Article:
Sometimes, the right outfit makes you feel great. With that in mind, be sure to be equipped with the Uniform Hospital Discharge Data Set (UHDDS) to perform great! Having the right tools makes a world of difference in validating diagnoses and, moreover, procedures.

The UHDDS guidelines are used by facilities to ensure that reporting of inpatient data elements is standardized. The Uniform Hospital Discharge Data Set specifies that all significant procedures are to be properly reported. These are procedures that are surgical in nature, have a procedural risk, anesthetic risk, and/or require specialized training.

Remember, you only have the minimum core requirements of data with the UHDDS on hospital discharges and ICD-10-PCS procedural coding guidelines that go beyond the scope of the UHDDS are still required. You should also review HACS (Hospital Acquired Conditions). Visit the CMS ICD-10 HAC List webpage.

4. Take short, frequent breaks

Sometimes, burnout happens because our brains are telling us to take a natural break. It may be time to do nothing and relax….which means time away from screens (including your phone). 

Spending long hours staring at a screen definitely takes a toll on your body, especially your eyes. Excessive screen time not only strains your eyes and leaves them feeling dry, but can also lead to retina damage and blurred vision. The amount of screen time you clock has a direct impact on how much sleep you are getting, given that the blue light emitted from digital screens interferes with the production of the sleep hormone melatonin in your body. I suggest reading more on this topic from Scripps and remember these tips:

  • While working on a computer, look away and at a distant object for about 20 seconds every 20 minutes — set a reminder if necessary
  • Take a quick standing stretch break every hour
  • Learn a few “chair yoga” stretches to keep muscles loose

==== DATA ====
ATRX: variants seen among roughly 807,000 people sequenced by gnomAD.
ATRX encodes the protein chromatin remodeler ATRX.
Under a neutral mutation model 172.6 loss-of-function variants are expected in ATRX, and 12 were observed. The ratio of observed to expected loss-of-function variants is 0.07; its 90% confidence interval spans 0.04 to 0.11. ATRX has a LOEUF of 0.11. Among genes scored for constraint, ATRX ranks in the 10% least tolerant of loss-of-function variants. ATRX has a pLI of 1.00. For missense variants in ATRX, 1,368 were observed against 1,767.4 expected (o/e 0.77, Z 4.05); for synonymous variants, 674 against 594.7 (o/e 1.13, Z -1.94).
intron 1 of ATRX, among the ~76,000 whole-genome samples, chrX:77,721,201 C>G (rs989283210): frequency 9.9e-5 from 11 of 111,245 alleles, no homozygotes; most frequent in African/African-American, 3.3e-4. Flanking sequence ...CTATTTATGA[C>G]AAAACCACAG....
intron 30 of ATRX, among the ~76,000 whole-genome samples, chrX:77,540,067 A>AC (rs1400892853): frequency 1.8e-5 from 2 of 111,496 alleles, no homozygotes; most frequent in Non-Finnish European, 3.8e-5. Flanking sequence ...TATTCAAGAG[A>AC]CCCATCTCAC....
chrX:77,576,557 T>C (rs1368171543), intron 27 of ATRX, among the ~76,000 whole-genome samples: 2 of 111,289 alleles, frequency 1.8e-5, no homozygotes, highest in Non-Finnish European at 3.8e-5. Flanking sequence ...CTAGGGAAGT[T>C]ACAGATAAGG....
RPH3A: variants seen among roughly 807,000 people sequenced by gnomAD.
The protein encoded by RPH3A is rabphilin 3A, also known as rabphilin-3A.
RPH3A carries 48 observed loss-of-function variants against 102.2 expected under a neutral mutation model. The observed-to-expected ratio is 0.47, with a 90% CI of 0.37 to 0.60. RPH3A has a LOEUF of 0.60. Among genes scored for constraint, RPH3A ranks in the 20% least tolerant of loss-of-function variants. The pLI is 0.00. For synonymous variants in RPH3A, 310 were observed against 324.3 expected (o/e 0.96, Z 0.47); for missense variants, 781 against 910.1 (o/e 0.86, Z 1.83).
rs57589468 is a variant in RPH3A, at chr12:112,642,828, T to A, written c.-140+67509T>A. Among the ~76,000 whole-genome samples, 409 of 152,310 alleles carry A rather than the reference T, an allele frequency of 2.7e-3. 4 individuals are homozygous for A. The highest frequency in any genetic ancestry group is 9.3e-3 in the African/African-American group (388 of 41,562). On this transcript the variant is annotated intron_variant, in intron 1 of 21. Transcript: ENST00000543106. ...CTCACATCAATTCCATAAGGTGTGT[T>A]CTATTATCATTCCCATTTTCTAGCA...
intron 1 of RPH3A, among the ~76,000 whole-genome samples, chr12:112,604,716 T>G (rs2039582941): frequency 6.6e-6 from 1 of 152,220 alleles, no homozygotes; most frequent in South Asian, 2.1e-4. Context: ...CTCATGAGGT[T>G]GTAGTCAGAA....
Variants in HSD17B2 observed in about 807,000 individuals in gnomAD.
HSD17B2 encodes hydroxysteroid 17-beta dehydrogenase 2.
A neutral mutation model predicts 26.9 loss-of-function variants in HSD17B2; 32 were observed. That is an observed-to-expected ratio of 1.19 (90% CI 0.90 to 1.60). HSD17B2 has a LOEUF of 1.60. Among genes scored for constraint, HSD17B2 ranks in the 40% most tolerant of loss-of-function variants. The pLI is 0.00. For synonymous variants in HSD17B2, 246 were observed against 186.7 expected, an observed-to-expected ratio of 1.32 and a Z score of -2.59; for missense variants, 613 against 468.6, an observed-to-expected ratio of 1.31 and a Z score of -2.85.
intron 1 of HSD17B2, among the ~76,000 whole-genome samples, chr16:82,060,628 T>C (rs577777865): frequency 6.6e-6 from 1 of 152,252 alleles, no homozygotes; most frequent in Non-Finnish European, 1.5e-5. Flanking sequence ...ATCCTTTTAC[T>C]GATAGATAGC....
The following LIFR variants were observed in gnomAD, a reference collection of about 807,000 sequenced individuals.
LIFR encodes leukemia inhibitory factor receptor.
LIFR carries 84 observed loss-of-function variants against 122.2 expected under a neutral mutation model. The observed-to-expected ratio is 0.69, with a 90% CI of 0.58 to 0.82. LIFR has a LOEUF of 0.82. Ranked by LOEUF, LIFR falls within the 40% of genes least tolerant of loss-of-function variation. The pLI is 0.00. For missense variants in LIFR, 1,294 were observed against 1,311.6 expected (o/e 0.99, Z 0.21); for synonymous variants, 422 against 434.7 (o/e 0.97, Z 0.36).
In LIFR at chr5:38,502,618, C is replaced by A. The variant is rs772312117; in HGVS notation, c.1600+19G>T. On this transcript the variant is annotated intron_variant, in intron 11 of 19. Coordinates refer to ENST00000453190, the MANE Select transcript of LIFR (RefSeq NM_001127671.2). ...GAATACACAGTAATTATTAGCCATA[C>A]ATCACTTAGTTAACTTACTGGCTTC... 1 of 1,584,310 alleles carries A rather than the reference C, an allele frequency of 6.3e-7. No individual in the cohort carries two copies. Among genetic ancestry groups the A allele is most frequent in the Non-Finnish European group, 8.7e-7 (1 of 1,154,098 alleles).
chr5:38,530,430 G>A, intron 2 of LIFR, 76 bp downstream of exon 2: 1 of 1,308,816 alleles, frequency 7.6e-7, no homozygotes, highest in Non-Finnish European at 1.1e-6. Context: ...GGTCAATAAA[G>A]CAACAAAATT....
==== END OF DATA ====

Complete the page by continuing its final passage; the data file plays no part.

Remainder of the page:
• Pay attention to your posture
  • Don’t eat in front of a screen
  • Avoid backlit screens for an hour before bed
  • Note how long you spend on electronic devices and replace some of that with physical activity and social interaction

After a break you can now come back and take a fresh look at your coding, procedural facility specific, UHDDS, CMS, and other helpful guidances to ensure accuracy.

5. Focus! Accuracy is key and hyper-focus is required for your job!

Reduce wasted time by focusing on the principal diagnosis, any major comorbid conditions and complications, and surgical procedures. The coder is not required to add additional diagnoses or procedures on a claim, unless of course they affect the DRG.

Focus: Is the principal diagnosis the one in the medical record that, after study, is determined to have occasioned the patient’s admission to the hospital?


Focus: Are there other diagnoses that have no bearing on the current hospital stay? Delete them!

Focus: Are all reported procedures that affect the DRG on the claim? If additional procedures can be reported, first make sure that they affect the DRG.

Great you are focused! Now finish strong!

Follow through with making sure you verify the patients discharge status, age, as well as their sex as these factors are verified by the MAC prior to your validation and most importantly, no effect on the DRG, no matter!

Are you charged with producing information for your CFO related to Medicare Cost Reports? Another way to learn more about the financial aspects of institutional finances is to attend the next Medicare Cost Report training camp! Locate the next camp date and location. If cost reporting is not part of your job, consider learning more about becoming a Certified Healthcare Auditor.